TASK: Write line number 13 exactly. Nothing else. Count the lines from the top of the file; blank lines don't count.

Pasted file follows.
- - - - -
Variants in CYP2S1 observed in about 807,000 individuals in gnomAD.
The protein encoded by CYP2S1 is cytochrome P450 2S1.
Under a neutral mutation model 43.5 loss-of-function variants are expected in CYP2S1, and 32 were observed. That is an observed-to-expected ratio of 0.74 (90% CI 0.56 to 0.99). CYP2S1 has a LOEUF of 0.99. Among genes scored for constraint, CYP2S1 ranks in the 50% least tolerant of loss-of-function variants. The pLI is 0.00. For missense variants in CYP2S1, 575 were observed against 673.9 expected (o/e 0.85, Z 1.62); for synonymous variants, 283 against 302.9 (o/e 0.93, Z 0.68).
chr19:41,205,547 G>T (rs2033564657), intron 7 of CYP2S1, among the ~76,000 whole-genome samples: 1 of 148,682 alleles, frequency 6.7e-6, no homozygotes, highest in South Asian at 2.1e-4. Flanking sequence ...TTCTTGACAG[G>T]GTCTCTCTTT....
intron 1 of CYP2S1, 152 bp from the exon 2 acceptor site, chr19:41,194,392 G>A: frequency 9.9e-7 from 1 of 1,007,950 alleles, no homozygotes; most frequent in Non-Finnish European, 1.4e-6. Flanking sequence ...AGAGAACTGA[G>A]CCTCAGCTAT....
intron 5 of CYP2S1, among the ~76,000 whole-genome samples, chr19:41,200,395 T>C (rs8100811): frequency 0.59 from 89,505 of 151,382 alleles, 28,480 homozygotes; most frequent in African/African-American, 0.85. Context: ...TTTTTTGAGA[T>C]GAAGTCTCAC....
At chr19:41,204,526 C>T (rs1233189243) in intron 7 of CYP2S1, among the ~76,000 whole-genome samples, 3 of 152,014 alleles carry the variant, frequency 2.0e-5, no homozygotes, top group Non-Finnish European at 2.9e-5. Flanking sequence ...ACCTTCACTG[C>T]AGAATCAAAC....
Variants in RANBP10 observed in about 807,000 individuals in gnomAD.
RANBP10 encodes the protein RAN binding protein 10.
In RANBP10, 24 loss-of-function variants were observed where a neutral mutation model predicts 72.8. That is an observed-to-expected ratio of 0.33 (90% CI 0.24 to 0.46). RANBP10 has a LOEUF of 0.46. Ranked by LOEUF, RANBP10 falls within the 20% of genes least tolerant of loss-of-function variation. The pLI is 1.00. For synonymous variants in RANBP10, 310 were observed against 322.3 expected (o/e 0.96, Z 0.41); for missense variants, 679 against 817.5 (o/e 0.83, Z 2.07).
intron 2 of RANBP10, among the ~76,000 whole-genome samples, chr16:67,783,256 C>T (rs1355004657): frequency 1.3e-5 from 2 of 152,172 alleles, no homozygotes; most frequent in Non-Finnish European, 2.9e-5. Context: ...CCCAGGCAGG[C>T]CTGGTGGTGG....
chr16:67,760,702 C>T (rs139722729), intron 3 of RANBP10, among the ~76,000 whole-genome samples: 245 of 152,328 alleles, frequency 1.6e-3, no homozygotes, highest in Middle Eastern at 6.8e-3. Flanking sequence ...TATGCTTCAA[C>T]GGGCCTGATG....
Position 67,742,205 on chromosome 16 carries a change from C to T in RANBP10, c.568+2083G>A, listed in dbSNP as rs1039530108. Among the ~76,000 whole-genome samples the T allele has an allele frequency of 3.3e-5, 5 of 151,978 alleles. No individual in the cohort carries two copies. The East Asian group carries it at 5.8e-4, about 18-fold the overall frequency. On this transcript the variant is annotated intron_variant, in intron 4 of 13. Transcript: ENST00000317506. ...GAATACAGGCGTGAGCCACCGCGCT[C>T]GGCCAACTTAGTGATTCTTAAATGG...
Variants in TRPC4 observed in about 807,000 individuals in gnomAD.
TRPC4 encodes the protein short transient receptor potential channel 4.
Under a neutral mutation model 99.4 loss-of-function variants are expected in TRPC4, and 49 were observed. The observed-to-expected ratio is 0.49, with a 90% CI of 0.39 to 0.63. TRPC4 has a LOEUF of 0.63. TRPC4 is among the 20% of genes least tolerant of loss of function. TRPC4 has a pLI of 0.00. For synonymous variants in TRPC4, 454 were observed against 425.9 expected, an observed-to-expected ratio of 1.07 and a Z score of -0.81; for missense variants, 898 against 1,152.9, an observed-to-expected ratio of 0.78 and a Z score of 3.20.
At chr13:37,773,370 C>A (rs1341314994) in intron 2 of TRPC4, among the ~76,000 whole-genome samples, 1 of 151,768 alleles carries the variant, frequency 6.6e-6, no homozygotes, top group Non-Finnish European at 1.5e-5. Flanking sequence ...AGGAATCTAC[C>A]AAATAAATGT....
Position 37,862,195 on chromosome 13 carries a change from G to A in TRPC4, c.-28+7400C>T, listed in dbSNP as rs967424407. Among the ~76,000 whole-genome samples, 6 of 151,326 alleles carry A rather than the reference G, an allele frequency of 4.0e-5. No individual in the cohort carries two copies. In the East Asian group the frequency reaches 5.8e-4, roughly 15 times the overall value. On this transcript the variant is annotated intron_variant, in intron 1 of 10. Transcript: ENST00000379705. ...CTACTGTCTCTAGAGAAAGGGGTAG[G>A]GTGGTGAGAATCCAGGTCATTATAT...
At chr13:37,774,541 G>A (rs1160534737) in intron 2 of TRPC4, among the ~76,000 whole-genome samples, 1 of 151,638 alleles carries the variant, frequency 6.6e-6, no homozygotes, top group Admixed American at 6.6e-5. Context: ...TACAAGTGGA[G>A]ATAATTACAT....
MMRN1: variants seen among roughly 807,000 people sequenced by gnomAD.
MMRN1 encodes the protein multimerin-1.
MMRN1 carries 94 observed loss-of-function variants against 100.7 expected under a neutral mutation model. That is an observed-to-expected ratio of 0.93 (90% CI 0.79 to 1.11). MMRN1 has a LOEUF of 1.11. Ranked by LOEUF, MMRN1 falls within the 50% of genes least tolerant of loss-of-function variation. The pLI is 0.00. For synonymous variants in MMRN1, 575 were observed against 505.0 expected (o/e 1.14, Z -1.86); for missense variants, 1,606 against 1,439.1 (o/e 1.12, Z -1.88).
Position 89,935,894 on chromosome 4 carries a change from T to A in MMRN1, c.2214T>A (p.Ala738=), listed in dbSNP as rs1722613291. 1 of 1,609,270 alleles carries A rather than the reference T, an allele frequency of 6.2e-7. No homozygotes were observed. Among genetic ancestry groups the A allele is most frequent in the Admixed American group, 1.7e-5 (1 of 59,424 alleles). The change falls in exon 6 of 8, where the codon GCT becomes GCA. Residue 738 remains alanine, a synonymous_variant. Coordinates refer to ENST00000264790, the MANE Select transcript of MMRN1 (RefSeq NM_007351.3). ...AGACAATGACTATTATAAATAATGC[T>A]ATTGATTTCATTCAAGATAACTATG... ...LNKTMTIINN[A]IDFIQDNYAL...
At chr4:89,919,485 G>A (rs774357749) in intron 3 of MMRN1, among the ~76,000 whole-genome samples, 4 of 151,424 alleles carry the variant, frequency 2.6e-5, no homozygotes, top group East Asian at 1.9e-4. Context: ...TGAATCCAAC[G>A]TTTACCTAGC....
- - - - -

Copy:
Position 67,742,205 on chromosome 16 carries a change from C to T in RANBP10, c.568+2083G>A, listed in dbSNP as rs1039530108. Among the ~76,000 whole-genome samples the T allele has an allele frequency of 3.3e-5, 5 of 151,978 alleles. No individual in the cohort carries two copies. The East Asian group carries it at 5.8e-4, about 18-fold the overall frequency. On this transcript the variant is annotated intron_variant, in intron 4 of 13. Transcript: ENST00000317506. ...GAATACAGGCGTGAGCCACCGCGCT[C>T]GGCCAACTTAGTGATTCTTAAATGG...